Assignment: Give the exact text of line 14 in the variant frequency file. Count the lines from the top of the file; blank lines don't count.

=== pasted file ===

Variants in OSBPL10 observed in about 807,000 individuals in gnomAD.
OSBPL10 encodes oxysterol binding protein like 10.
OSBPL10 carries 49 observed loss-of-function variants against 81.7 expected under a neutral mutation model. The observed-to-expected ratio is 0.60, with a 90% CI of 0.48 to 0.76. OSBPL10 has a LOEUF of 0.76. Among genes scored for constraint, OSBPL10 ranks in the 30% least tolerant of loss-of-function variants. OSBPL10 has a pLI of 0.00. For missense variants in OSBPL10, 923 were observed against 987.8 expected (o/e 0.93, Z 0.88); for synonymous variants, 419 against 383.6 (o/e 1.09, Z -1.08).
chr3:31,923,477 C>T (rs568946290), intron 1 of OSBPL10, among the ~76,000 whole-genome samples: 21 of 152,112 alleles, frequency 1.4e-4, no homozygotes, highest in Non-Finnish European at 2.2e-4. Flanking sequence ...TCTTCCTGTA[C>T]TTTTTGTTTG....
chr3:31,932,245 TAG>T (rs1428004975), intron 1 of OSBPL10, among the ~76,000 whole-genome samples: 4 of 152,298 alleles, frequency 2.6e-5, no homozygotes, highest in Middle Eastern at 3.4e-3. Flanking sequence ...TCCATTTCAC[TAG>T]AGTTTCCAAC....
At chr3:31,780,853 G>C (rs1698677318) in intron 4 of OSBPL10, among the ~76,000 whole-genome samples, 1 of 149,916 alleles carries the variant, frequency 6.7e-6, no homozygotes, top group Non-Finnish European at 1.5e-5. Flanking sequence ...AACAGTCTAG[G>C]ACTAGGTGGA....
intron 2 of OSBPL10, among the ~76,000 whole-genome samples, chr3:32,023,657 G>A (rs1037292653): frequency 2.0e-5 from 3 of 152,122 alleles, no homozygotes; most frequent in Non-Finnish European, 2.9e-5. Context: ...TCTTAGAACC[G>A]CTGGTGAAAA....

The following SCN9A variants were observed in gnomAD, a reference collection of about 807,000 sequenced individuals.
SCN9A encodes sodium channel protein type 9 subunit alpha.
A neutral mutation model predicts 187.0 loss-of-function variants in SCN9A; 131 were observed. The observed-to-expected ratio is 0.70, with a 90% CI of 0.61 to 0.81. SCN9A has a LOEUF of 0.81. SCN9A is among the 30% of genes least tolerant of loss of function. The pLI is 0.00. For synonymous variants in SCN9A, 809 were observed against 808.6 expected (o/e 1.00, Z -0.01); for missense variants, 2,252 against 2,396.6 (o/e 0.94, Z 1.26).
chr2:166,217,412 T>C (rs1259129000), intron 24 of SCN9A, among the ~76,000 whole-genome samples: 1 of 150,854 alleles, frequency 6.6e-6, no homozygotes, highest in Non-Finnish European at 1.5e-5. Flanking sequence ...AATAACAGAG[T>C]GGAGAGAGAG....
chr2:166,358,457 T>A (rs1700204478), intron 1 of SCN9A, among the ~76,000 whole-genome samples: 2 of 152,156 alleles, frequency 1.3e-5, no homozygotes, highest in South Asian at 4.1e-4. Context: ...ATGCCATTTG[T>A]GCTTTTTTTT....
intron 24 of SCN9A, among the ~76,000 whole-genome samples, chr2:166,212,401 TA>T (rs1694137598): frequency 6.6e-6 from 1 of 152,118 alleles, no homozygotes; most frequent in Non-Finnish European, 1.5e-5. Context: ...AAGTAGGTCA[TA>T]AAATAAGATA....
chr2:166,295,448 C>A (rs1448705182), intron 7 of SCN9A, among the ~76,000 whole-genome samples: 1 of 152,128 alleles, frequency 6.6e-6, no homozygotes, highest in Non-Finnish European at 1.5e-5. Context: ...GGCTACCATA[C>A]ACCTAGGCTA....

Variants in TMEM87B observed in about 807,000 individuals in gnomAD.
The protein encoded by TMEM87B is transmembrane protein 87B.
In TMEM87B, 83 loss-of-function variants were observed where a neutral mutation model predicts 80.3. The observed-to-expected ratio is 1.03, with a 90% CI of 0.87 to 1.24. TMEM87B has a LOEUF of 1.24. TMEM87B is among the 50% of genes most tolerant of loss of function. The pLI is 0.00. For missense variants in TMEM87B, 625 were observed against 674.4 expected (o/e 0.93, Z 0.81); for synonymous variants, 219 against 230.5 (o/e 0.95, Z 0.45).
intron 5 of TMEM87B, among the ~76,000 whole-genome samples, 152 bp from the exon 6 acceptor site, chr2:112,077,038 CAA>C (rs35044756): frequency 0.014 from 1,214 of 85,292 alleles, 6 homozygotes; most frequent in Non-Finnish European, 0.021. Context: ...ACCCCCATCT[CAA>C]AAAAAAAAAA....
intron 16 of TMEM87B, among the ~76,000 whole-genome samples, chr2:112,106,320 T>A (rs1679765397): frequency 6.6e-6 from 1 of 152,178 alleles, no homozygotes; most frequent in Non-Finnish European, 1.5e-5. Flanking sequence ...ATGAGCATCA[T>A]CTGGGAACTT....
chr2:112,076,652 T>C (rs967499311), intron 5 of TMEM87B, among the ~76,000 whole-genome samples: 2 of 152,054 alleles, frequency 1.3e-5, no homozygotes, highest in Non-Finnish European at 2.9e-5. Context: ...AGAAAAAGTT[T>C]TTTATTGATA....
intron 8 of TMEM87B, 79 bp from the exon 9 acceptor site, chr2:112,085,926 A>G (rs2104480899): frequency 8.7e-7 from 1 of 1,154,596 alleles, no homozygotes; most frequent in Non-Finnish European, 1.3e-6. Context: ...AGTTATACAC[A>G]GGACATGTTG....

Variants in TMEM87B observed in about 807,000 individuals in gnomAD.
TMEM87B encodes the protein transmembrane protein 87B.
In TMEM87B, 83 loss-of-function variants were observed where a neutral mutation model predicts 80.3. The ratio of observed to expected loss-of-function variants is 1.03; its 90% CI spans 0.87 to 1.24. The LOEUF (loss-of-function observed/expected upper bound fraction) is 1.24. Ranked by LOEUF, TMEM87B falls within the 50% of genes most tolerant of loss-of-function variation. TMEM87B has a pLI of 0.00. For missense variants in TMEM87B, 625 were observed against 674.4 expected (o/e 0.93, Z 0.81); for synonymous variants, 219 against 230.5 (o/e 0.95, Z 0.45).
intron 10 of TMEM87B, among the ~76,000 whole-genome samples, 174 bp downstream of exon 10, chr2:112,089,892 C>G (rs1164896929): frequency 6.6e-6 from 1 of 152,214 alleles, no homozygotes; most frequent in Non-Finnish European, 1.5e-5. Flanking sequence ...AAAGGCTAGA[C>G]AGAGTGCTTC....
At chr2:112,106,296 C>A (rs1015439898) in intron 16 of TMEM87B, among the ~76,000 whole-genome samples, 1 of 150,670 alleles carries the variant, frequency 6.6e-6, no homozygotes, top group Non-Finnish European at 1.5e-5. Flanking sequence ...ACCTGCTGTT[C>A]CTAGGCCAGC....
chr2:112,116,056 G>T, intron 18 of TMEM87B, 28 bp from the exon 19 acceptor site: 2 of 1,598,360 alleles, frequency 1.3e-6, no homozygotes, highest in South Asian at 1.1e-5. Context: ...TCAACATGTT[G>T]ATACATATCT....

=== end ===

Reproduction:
chr2:166,295,448 C>A (rs1448705182), intron 7 of SCN9A, among the ~76,000 whole-genome samples: 1 of 152,128 alleles, frequency 6.6e-6, no homozygotes, highest in Non-Finnish European at 1.5e-5. Context: ...GGCTACCATA[C>A]ACCTAGGCTA....